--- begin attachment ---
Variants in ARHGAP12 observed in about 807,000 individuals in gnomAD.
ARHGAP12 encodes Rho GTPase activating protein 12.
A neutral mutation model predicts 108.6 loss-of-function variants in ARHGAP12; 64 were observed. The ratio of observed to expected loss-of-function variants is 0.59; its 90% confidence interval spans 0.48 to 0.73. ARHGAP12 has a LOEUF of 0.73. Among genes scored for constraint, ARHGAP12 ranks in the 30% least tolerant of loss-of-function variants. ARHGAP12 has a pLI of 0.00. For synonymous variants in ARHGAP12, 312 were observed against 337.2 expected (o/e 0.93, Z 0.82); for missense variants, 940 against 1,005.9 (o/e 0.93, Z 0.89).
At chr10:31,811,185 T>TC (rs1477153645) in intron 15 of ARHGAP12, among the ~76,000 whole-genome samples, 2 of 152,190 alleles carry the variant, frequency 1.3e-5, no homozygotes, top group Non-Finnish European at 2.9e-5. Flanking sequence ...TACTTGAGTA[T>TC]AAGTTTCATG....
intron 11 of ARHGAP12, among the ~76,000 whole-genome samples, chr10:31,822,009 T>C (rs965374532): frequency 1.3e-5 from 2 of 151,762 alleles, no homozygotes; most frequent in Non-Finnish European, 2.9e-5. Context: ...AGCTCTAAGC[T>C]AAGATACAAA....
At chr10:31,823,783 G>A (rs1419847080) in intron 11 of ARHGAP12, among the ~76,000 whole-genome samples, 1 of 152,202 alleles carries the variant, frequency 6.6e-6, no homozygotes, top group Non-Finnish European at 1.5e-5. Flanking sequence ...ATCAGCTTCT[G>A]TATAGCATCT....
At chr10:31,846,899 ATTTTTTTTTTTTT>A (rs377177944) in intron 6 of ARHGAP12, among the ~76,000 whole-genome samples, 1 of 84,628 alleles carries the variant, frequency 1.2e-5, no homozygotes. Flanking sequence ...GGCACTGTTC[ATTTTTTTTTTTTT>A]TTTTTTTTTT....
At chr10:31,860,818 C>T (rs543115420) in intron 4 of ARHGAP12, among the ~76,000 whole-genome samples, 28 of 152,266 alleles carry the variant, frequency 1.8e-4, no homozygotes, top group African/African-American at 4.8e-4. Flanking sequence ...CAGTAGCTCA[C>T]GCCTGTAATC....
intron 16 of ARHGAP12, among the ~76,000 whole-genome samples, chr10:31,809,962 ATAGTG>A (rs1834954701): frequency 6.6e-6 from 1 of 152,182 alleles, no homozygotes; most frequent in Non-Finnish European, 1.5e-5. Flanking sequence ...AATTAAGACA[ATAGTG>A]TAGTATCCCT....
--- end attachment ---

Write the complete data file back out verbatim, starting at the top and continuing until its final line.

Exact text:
Variants in ARHGAP12 observed in about 807,000 individuals in gnomAD.
ARHGAP12 encodes Rho GTPase activating protein 12.
A neutral mutation model predicts 108.6 loss-of-function variants in ARHGAP12; 64 were observed. The ratio of observed to expected loss-of-function variants is 0.59; its 90% confidence interval spans 0.48 to 0.73. ARHGAP12 has a LOEUF of 0.73. Among genes scored for constraint, ARHGAP12 ranks in the 30% least tolerant of loss-of-function variants. ARHGAP12 has a pLI of 0.00. For synonymous variants in ARHGAP12, 312 were observed against 337.2 expected (o/e 0.93, Z 0.82); for missense variants, 940 against 1,005.9 (o/e 0.93, Z 0.89).
At chr10:31,811,185 T>TC (rs1477153645) in intron 15 of ARHGAP12, among the ~76,000 whole-genome samples, 2 of 152,190 alleles carry the variant, frequency 1.3e-5, no homozygotes, top group Non-Finnish European at 2.9e-5. Flanking sequence ...TACTTGAGTA[T>TC]AAGTTTCATG....
intron 11 of ARHGAP12, among the ~76,000 whole-genome samples, chr10:31,822,009 T>C (rs965374532): frequency 1.3e-5 from 2 of 151,762 alleles, no homozygotes; most frequent in Non-Finnish European, 2.9e-5. Context: ...AGCTCTAAGC[T>C]AAGATACAAA....
At chr10:31,823,783 G>A (rs1419847080) in intron 11 of ARHGAP12, among the ~76,000 whole-genome samples, 1 of 152,202 alleles carries the variant, frequency 6.6e-6, no homozygotes, top group Non-Finnish European at 1.5e-5. Flanking sequence ...ATCAGCTTCT[G>A]TATAGCATCT....
At chr10:31,846,899 ATTTTTTTTTTTTT>A (rs377177944) in intron 6 of ARHGAP12, among the ~76,000 whole-genome samples, 1 of 84,628 alleles carries the variant, frequency 1.2e-5, no homozygotes. Flanking sequence ...GGCACTGTTC[ATTTTTTTTTTTTT>A]TTTTTTTTTT....
At chr10:31,860,818 C>T (rs543115420) in intron 4 of ARHGAP12, among the ~76,000 whole-genome samples, 28 of 152,266 alleles carry the variant, frequency 1.8e-4, no homozygotes, top group African/African-American at 4.8e-4. Flanking sequence ...CAGTAGCTCA[C>T]GCCTGTAATC....
intron 16 of ARHGAP12, among the ~76,000 whole-genome samples, chr10:31,809,962 ATAGTG>A (rs1834954701): frequency 6.6e-6 from 1 of 152,182 alleles, no homozygotes; most frequent in Non-Finnish European, 1.5e-5. Flanking sequence ...AATTAAGACA[ATAGTG>A]TAGTATCCCT....